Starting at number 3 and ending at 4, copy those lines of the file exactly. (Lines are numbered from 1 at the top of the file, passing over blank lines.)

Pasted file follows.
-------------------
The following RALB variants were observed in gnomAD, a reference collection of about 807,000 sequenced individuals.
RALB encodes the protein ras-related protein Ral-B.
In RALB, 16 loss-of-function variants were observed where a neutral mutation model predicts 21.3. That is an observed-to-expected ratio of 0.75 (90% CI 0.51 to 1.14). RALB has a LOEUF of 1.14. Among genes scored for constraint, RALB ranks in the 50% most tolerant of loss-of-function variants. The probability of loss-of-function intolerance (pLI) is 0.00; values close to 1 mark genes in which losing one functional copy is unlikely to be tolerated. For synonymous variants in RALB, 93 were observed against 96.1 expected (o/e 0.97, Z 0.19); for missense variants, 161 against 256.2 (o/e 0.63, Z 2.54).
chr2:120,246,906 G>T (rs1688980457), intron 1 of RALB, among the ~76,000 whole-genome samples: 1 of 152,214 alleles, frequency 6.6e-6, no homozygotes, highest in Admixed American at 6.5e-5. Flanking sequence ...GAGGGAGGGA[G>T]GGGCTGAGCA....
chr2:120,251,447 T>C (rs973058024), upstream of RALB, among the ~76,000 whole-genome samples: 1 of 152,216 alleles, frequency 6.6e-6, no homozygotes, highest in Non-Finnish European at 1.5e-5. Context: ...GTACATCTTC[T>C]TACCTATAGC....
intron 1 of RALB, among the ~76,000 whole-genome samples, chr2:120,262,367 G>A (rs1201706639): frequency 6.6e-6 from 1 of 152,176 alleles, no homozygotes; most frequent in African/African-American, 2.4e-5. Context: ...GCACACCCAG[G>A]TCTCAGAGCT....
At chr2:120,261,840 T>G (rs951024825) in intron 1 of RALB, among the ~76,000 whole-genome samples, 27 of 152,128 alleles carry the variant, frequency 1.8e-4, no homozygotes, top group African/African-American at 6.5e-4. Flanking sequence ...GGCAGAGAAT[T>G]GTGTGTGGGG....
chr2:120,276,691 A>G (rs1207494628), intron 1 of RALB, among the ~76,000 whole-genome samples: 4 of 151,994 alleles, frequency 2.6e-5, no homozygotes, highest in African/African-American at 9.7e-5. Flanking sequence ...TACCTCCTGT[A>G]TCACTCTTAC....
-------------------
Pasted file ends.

In RALB, 16 loss-of-function variants were observed where a neutral mutation model predicts 21.3. That is an observed-to-expected ratio of 0.75 (90% CI 0.51 to 1.14). RALB has a LOEUF of 1.14. Among genes scored for constraint, RALB ranks in the 50% most tolerant of loss-of-function variants. The probability of loss-of-function intolerance (pLI) is 0.00; values close to 1 mark genes in which losing one functional copy is unlikely to be tolerated. For synonymous variants in RALB, 93 were observed against 96.1 expected (o/e 0.97, Z 0.19); for missense variants, 161 against 256.2 (o/e 0.63, Z 2.54).
chr2:120,246,906 G>T (rs1688980457), intron 1 of RALB, among the ~76,000 whole-genome samples: 1 of 152,214 alleles, frequency 6.6e-6, no homozygotes, highest in Admixed American at 6.5e-5. Flanking sequence ...GAGGGAGGGA[G>T]GGGCTGAGCA....